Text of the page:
Offensively, it wasn’t exactly vintage Gainesville basketball. Three-pointers missed their mark, floaters in the lane rimmed out, and the half-court game never appeared to be in sync.
In short, it was ugly.
But defensively, it was a beauty to behold, and it was exactly the kind of game the Red Elephants thrive on.
Gainesville cranked up the intensity in the last 90 seconds on Saturday, wiping out a four-point deficit with a frenetic full-court press and edging visiting Mays, 41-40, in the second round of the Class AAAAA state playoffs.
With the win, their 13th straight, the Red Elephants (21-9) will advance to the quarterfinals for the first time since 2009 and will host the New Manchester/Stephenson winner Wednesday.
In addition to lock-down defense, the other similarity Saturday’s win had to Gainesville’s previous 12 in a row were the key contributions from players throughout the roster.
In the first half, it was Reed Tipton stepping off the bench and calmly drilling a 3-pointer to keep the Red Elephants in striking distance. Or it was Luke Maddox coming up with a steal and dishing to Chase England for a much-needed bucket underneath.
And down the stretch, it was Jikeese Ruff, a senior, providing two key offensive rebounds, a steal, a put-back bucket and one free throw to spur the rally.
“Someone’s stepping up,” Gainesville coach Todd Cottrell said. “It’s someone different every time, and I’m just proud of them. They’re showing a lot of heart, aren’t they? It was a tough game, a tough defensive game on both sides and shots were hard to get.
“That’s what makes this team really special. (Tipton) hadn’t played in a couple of games and he stayed ready and got his opportunity tonight and made a big shot for us. (Ruff), he’s played well for us all year and made the plays in a big moment again. I’m just proud of them; I could talk about all of them.”
The Red Elephants needed every contribution they got on a night when they shot just 29 percent from the field and made just 5 of 28 3-pointers.
With 1:30 left in the game, and Mays holding a 40-36 lead after rallying from a nine-point, third quarter deficit, the mood in the Gainesville gym was low.
“You could hear it in the crowd,” Gainesville senior Shaquan Cantrell said. “The air had just been sucked out.”
Deshaun Watson breathed life into the Red Elephants when he flew into the lane for an offensive rebound and a put-back, Gainesville’s first bucket in more than six minutes.
From there, Ruff took over, first getting a steal on the press, then snagging an offensive rebound, getting fouled, and converting 1 of 2 free throws to cut the Mays lead to 40-39.
Following another Red Elephant steal in the backcourt, and a subsequent missed shot, Ruff grabbed another board and scored in the lane to put Gainesville back in front, 41-40 with 41 seconds remaining.
Then it was Watson’s turn.
The junior is one of the Gainesville’s most dynamic scorers, but struggled against Mays, hitting just 2 of 13 from the field and missing all eight of his 3-point attempts. But in an effort representative of the Red Elephants’ night, Watson thwarted the Raiders’ last two scoring opportunities, hustling back after the press was broken for a two-handed shot block and then ripping away the rebound after Mays’ final shot just rolled off the rim and securing possession by maintaining his dribble and getting fouled.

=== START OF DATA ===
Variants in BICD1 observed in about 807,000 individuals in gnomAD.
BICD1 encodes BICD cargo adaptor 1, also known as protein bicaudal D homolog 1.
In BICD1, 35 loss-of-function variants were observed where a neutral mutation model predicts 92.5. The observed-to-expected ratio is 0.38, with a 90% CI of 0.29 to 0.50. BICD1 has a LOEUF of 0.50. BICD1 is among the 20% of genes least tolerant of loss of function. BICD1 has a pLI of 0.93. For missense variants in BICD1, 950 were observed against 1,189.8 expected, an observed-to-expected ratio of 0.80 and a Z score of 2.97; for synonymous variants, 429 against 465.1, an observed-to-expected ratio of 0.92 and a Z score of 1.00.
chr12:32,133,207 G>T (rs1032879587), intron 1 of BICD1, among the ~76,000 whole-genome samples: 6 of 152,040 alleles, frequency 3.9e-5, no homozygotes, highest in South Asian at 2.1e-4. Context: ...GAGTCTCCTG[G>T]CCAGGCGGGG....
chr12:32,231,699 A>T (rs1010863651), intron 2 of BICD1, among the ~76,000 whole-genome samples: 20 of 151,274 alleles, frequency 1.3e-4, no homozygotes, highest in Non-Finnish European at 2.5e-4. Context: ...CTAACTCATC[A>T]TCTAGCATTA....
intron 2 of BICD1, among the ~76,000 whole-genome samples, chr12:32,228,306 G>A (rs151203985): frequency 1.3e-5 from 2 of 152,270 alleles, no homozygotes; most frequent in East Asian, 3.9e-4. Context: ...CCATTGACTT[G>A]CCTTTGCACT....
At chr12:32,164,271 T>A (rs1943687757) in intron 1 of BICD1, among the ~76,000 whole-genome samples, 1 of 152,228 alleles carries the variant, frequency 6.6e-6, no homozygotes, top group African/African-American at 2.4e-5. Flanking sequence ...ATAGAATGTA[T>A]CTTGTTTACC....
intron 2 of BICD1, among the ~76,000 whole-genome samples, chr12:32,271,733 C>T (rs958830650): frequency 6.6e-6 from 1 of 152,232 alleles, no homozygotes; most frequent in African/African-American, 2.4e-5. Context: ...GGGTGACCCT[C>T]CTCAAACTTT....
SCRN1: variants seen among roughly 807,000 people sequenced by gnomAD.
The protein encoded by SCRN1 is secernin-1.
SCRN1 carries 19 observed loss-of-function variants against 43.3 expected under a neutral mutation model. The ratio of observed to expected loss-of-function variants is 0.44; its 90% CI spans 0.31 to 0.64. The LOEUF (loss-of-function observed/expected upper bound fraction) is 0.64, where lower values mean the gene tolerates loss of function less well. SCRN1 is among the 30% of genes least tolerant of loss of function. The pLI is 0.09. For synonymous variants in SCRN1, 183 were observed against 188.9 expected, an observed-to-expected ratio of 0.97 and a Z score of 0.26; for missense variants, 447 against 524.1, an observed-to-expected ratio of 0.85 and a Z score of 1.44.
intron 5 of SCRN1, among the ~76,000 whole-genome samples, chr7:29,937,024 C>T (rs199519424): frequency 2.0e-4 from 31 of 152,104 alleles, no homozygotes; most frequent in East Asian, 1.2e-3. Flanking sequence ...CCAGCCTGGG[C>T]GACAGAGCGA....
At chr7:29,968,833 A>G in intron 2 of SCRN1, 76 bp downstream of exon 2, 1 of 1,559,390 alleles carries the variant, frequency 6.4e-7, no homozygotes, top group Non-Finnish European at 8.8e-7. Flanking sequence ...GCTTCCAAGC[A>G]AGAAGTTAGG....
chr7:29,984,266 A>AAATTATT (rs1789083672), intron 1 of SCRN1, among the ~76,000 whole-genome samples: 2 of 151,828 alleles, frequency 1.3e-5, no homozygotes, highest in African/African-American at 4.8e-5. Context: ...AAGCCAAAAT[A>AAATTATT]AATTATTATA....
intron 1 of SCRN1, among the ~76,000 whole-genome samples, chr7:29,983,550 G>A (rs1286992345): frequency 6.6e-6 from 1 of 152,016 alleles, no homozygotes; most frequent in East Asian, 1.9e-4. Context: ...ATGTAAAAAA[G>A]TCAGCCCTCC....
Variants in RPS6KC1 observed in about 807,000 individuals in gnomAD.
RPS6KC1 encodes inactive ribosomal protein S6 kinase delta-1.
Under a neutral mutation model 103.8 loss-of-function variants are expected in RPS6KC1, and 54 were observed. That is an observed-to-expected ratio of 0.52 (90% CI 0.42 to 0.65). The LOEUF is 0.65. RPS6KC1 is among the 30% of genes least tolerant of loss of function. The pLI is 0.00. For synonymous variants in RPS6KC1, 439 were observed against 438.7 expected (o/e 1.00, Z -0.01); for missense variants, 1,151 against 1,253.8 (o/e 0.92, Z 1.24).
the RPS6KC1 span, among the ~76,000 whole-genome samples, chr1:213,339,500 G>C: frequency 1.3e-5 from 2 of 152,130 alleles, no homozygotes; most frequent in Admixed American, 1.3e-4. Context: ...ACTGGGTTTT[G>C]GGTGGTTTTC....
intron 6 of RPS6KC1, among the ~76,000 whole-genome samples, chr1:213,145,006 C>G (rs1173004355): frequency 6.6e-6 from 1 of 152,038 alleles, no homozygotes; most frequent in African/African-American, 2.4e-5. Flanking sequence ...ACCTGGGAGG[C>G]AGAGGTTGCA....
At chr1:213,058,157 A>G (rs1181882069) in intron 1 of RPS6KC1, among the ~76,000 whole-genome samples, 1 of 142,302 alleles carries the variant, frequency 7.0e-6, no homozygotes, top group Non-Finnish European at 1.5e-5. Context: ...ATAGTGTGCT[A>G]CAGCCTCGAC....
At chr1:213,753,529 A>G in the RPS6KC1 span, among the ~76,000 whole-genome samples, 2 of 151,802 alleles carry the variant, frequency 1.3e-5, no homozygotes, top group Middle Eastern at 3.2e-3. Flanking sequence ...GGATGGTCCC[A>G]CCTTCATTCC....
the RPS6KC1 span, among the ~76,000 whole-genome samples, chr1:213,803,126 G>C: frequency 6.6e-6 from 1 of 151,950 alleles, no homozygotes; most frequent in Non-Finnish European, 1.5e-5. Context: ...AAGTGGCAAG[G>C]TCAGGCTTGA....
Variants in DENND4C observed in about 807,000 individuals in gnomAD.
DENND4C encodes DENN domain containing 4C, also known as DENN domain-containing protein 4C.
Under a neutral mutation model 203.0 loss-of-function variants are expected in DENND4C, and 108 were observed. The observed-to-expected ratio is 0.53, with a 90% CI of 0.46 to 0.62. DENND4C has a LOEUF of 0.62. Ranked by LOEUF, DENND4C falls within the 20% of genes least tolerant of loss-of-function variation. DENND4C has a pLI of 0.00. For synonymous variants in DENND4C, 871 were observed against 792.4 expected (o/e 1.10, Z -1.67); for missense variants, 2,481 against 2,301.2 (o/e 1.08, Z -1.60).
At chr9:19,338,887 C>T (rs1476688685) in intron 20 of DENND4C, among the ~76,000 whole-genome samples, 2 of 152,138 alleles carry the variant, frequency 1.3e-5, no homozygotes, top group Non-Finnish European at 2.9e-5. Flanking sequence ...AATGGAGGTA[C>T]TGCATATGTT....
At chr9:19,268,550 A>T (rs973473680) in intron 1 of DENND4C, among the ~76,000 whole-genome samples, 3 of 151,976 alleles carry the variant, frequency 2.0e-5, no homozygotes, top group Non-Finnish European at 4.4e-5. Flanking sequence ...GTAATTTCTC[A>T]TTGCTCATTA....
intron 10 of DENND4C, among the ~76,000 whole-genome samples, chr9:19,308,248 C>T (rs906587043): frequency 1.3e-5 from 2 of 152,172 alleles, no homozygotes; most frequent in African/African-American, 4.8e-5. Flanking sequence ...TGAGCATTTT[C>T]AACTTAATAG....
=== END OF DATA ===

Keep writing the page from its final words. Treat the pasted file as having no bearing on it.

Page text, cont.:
“It came down to the seniors,” senior guard Tray Harrison said. “We were only guaranteed four more quarters, so myself and some of the other seniors just kept preaching defense. Defense is the key. You play defense, you get stops, and all we needed was one more stop and we just executed.”
That preaching paid off Saturday as it has throughout the second half of the season for Gainesville, which lost six of its first seven games while awaiting numerous members of the football team to complete their run to the state title. The Red Elephants forced Mays into 15 turnovers, including five in the fourth quarter, and held the Raiders (21-7) to their second-lowest point total of the season on 38 percent shooting.
“We’ve played really good defense over the last month or so,” Cottrell said, “and I think it’s a tribute to our guys, because they’ve sold out on trying to play good defense, and we made some stops when we had to.”
The Red Elephants trailed for much of the first half, but surged ahead in the second half with an 11-0 run. When Cantrell finished a fast break with a thunderous two-handed dunk to give Gainesville a 32-25 lead midway through the third quarter the momentum was clearly with the home team, and when Watson followed with a pair of free throws, it appeared the Red Elephants were off and running.
But the Raiders chipped away slowly, regaining the lead early in the fourth quarter and stretching it to a four-point lead when Lundy Lugman completed a three-point play with 2:30 left in the game.
Those were the last points the Red Elephants allowed.
“We knew we had to fly around and make plays,” Cantrell said. “We’re so athletic and we’re so long, we knew we could get our hands on the ball and possibly cause a turnover.
“Throughout the team, from the coaches to the players, we just never give up. It’s basketball. Anything can happen in 90 seconds, so we just believed in each other and made plays.”
Cantrell led Gainesville with 15 points on 6 of 13 shooting — below his season average, but a much-needed performance in a game when points were so tough to come by. Watson added six points, and none of the other seven Red Elephants who scored registered more than three.
Jalen Smith led Mays with 14 points, followed by Lugman with seven.